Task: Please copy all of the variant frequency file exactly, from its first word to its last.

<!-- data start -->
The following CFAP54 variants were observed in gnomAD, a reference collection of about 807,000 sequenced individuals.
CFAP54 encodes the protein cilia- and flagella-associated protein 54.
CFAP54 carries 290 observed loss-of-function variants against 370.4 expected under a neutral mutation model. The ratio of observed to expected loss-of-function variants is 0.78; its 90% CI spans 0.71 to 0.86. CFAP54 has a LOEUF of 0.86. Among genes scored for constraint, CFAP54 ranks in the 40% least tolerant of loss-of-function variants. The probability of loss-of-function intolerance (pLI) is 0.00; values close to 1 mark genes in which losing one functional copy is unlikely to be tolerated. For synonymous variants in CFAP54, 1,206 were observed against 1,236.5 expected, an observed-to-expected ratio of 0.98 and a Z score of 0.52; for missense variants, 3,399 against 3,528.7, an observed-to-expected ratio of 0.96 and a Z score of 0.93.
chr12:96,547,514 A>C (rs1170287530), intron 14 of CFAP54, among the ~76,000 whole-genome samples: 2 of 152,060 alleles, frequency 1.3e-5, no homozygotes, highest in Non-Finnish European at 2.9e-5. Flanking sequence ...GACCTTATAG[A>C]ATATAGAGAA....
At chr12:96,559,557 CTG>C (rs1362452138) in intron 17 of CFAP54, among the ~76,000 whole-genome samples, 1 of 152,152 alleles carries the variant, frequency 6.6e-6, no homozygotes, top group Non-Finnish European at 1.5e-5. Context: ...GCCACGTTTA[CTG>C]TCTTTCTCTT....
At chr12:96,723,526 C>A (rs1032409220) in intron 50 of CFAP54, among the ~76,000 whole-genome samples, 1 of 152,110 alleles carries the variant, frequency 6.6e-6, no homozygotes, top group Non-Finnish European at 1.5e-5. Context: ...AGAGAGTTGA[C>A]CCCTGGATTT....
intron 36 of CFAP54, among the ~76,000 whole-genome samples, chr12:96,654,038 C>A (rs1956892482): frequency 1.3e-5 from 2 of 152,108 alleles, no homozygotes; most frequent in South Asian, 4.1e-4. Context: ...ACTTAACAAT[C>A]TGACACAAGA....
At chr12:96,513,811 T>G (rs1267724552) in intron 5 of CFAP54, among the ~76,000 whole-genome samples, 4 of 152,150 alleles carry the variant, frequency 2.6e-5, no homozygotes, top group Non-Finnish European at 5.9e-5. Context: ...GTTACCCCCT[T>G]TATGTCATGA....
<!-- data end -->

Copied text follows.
The following CFAP54 variants were observed in gnomAD, a reference collection of about 807,000 sequenced individuals.
CFAP54 encodes the protein cilia- and flagella-associated protein 54.
CFAP54 carries 290 observed loss-of-function variants against 370.4 expected under a neutral mutation model. The ratio of observed to expected loss-of-function variants is 0.78; its 90% CI spans 0.71 to 0.86. CFAP54 has a LOEUF of 0.86. Among genes scored for constraint, CFAP54 ranks in the 40% least tolerant of loss-of-function variants. The probability of loss-of-function intolerance (pLI) is 0.00; values close to 1 mark genes in which losing one functional copy is unlikely to be tolerated. For synonymous variants in CFAP54, 1,206 were observed against 1,236.5 expected, an observed-to-expected ratio of 0.98 and a Z score of 0.52; for missense variants, 3,399 against 3,528.7, an observed-to-expected ratio of 0.96 and a Z score of 0.93.
chr12:96,547,514 A>C (rs1170287530), intron 14 of CFAP54, among the ~76,000 whole-genome samples: 2 of 152,060 alleles, frequency 1.3e-5, no homozygotes, highest in Non-Finnish European at 2.9e-5. Flanking sequence ...GACCTTATAG[A>C]ATATAGAGAA....
At chr12:96,559,557 CTG>C (rs1362452138) in intron 17 of CFAP54, among the ~76,000 whole-genome samples, 1 of 152,152 alleles carries the variant, frequency 6.6e-6, no homozygotes, top group Non-Finnish European at 1.5e-5. Context: ...GCCACGTTTA[CTG>C]TCTTTCTCTT....
At chr12:96,723,526 C>A (rs1032409220) in intron 50 of CFAP54, among the ~76,000 whole-genome samples, 1 of 152,110 alleles carries the variant, frequency 6.6e-6, no homozygotes, top group Non-Finnish European at 1.5e-5. Context: ...AGAGAGTTGA[C>A]CCCTGGATTT....
intron 36 of CFAP54, among the ~76,000 whole-genome samples, chr12:96,654,038 C>A (rs1956892482): frequency 1.3e-5 from 2 of 152,108 alleles, no homozygotes; most frequent in South Asian, 4.1e-4. Context: ...ACTTAACAAT[C>A]TGACACAAGA....
At chr12:96,513,811 T>G (rs1267724552) in intron 5 of CFAP54, among the ~76,000 whole-genome samples, 4 of 152,150 alleles carry the variant, frequency 2.6e-5, no homozygotes, top group Non-Finnish European at 5.9e-5. Context: ...GTTACCCCCT[T>G]TATGTCATGA....